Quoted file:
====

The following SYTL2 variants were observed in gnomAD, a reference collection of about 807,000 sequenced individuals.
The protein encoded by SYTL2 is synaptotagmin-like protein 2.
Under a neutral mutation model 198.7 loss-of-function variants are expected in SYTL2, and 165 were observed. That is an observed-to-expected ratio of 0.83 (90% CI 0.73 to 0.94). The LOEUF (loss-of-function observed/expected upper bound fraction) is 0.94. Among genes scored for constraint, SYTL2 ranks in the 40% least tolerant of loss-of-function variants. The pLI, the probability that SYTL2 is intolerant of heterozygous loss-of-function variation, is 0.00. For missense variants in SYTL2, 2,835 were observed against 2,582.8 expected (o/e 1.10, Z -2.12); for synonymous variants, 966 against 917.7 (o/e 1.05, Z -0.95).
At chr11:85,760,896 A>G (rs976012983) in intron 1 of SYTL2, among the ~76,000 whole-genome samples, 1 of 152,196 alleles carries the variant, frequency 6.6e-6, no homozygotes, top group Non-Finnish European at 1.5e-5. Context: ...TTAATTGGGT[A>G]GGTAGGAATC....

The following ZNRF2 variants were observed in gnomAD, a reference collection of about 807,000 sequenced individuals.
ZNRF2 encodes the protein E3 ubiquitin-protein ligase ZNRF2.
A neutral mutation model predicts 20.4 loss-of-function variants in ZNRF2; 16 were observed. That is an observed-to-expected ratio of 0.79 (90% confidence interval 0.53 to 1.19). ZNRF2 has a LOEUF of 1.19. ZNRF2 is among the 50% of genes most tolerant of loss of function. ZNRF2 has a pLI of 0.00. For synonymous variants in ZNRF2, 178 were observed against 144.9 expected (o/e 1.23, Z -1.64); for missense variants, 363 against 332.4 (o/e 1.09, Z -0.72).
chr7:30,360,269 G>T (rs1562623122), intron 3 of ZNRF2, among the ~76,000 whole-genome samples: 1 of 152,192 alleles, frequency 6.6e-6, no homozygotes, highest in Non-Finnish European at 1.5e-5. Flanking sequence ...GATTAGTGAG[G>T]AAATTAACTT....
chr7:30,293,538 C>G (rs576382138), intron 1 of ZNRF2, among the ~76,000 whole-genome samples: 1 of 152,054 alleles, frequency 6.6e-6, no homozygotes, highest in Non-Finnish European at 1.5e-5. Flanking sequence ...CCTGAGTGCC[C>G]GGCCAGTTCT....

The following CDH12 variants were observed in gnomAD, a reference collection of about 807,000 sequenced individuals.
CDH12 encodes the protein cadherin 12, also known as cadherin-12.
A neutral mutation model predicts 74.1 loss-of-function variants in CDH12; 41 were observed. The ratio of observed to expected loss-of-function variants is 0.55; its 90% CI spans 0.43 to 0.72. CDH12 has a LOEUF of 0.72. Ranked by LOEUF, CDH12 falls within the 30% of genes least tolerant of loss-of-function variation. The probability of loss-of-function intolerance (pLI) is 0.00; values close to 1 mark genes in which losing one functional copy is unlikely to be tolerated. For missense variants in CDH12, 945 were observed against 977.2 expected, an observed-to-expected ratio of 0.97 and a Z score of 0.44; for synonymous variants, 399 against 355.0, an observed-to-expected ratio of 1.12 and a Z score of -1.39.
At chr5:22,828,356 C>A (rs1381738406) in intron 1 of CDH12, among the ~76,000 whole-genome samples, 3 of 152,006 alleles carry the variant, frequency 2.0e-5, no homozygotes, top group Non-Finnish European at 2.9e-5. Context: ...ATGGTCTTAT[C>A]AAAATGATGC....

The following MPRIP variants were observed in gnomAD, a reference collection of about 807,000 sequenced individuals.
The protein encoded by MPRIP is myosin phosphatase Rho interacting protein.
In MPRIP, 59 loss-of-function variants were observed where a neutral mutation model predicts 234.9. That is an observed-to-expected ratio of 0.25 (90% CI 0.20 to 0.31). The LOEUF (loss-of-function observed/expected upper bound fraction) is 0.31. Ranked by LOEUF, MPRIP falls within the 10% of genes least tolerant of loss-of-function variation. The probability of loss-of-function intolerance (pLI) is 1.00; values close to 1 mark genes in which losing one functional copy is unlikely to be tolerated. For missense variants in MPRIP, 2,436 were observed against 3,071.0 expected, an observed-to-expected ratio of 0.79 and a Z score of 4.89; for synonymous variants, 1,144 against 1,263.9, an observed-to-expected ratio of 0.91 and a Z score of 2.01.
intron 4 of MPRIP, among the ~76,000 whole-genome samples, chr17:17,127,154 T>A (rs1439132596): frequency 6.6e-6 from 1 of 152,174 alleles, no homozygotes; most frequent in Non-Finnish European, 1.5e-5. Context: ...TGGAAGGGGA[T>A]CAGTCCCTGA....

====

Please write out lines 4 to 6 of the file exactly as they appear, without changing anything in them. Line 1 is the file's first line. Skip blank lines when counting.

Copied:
At chr11:85,760,896 A>G (rs976012983) in intron 1 of SYTL2, among the ~76,000 whole-genome samples, 1 of 152,196 alleles carries the variant, frequency 6.6e-6, no homozygotes, top group Non-Finnish European at 1.5e-5. Context: ...TTAATTGGGT[A>G]GGTAGGAATC....

The following ZNRF2 variants were observed in gnomAD, a reference collection of about 807,000 sequenced individuals.
ZNRF2 encodes the protein E3 ubiquitin-protein ligase ZNRF2.